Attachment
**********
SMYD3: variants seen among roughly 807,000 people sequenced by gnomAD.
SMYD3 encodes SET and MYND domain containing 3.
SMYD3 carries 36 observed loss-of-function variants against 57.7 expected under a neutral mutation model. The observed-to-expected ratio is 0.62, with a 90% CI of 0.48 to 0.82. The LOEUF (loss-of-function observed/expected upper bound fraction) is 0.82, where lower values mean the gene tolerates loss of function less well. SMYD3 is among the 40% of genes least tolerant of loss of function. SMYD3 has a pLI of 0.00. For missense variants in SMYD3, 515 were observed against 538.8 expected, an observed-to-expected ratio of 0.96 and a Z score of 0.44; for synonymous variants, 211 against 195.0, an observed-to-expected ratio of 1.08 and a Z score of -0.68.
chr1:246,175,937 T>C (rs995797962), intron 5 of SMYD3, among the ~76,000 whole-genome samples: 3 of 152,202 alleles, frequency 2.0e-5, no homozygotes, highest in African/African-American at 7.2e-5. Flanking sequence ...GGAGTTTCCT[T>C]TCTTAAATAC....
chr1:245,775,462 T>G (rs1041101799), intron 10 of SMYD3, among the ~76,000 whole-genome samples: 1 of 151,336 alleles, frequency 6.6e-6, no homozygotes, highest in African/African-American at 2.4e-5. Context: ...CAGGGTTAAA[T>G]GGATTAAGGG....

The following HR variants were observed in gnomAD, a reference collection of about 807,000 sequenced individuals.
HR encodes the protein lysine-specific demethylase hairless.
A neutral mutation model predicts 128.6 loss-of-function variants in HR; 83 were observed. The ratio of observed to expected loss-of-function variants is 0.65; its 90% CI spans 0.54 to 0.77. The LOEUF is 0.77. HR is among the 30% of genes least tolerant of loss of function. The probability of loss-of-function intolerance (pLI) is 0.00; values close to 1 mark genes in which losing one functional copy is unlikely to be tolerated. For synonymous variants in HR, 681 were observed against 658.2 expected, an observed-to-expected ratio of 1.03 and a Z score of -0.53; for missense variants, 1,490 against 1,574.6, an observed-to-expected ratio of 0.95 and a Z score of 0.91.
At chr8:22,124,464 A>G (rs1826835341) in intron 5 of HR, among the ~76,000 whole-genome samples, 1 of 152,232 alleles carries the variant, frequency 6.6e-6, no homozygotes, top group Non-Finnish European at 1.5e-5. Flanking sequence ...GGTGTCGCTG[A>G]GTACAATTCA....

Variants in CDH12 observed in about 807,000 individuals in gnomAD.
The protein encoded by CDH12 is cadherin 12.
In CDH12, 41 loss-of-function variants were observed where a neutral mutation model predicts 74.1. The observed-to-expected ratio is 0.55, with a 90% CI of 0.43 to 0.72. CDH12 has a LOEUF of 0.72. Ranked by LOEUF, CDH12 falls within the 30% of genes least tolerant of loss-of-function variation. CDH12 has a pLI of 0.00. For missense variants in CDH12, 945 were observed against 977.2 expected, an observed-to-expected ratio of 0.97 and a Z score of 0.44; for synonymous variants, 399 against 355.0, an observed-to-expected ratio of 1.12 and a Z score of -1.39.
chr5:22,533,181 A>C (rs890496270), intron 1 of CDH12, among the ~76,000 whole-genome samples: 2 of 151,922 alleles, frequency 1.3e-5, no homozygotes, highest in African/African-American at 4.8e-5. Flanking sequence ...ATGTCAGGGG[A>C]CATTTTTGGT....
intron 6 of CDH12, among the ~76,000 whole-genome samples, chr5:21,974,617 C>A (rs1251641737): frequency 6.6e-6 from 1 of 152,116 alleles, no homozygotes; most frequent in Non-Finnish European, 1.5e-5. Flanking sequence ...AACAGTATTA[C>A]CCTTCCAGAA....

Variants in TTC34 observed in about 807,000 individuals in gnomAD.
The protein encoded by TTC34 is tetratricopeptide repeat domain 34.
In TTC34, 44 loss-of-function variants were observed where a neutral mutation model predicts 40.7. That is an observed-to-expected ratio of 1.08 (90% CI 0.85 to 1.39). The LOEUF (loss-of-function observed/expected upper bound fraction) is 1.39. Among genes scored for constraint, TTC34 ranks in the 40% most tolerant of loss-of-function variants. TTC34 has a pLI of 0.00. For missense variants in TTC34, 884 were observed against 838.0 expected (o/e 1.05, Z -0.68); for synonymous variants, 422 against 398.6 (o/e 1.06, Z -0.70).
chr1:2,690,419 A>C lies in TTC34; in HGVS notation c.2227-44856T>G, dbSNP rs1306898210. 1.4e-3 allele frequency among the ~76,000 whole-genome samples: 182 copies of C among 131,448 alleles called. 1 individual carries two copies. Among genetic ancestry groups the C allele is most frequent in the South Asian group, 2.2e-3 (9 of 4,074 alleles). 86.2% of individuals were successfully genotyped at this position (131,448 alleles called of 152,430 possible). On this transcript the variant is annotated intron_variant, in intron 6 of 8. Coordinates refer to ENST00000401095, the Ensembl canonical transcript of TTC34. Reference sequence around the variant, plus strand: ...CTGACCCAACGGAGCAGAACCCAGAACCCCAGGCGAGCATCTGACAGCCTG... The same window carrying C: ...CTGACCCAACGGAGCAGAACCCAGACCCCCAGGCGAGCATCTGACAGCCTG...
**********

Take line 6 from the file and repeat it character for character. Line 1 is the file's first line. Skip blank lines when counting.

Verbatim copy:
The following HR variants were observed in gnomAD, a reference collection of about 807,000 sequenced individuals.